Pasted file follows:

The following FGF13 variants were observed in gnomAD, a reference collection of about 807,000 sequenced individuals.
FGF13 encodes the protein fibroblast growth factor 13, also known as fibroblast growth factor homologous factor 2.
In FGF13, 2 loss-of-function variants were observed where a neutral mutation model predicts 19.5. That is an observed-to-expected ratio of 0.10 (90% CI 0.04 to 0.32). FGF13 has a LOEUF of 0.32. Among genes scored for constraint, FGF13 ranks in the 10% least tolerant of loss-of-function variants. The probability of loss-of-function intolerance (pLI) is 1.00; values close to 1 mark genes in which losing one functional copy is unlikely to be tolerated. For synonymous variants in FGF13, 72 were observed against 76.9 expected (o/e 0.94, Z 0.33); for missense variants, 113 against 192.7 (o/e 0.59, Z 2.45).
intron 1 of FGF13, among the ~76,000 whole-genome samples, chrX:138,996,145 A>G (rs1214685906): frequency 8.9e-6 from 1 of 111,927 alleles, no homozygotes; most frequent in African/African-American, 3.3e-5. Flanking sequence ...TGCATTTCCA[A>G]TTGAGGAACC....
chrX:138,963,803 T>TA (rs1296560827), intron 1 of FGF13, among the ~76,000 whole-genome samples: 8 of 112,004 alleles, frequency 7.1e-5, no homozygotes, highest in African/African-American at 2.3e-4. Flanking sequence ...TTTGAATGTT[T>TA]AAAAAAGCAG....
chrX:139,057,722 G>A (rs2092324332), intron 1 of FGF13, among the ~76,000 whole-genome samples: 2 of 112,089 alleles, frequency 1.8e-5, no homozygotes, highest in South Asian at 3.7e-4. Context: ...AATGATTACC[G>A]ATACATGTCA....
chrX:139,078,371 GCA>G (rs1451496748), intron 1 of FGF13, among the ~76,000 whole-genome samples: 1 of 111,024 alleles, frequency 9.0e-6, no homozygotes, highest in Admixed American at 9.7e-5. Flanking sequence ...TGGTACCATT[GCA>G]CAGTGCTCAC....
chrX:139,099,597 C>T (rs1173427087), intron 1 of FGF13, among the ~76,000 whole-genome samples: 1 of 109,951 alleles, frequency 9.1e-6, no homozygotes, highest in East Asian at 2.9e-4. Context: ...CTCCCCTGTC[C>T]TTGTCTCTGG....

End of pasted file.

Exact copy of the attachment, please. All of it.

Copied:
The following FGF13 variants were observed in gnomAD, a reference collection of about 807,000 sequenced individuals.
FGF13 encodes the protein fibroblast growth factor 13, also known as fibroblast growth factor homologous factor 2.
In FGF13, 2 loss-of-function variants were observed where a neutral mutation model predicts 19.5. That is an observed-to-expected ratio of 0.10 (90% CI 0.04 to 0.32). FGF13 has a LOEUF of 0.32. Among genes scored for constraint, FGF13 ranks in the 10% least tolerant of loss-of-function variants. The probability of loss-of-function intolerance (pLI) is 1.00; values close to 1 mark genes in which losing one functional copy is unlikely to be tolerated. For synonymous variants in FGF13, 72 were observed against 76.9 expected (o/e 0.94, Z 0.33); for missense variants, 113 against 192.7 (o/e 0.59, Z 2.45).
intron 1 of FGF13, among the ~76,000 whole-genome samples, chrX:138,996,145 A>G (rs1214685906): frequency 8.9e-6 from 1 of 111,927 alleles, no homozygotes; most frequent in African/African-American, 3.3e-5. Flanking sequence ...TGCATTTCCA[A>G]TTGAGGAACC....
chrX:138,963,803 T>TA (rs1296560827), intron 1 of FGF13, among the ~76,000 whole-genome samples: 8 of 112,004 alleles, frequency 7.1e-5, no homozygotes, highest in African/African-American at 2.3e-4. Flanking sequence ...TTTGAATGTT[T>TA]AAAAAAGCAG....
chrX:139,057,722 G>A (rs2092324332), intron 1 of FGF13, among the ~76,000 whole-genome samples: 2 of 112,089 alleles, frequency 1.8e-5, no homozygotes, highest in South Asian at 3.7e-4. Context: ...AATGATTACC[G>A]ATACATGTCA....
chrX:139,078,371 GCA>G (rs1451496748), intron 1 of FGF13, among the ~76,000 whole-genome samples: 1 of 111,024 alleles, frequency 9.0e-6, no homozygotes, highest in Admixed American at 9.7e-5. Flanking sequence ...TGGTACCATT[GCA>G]CAGTGCTCAC....
chrX:139,099,597 C>T (rs1173427087), intron 1 of FGF13, among the ~76,000 whole-genome samples: 1 of 109,951 alleles, frequency 9.1e-6, no homozygotes, highest in East Asian at 2.9e-4. Context: ...CTCCCCTGTC[C>T]TTGTCTCTGG....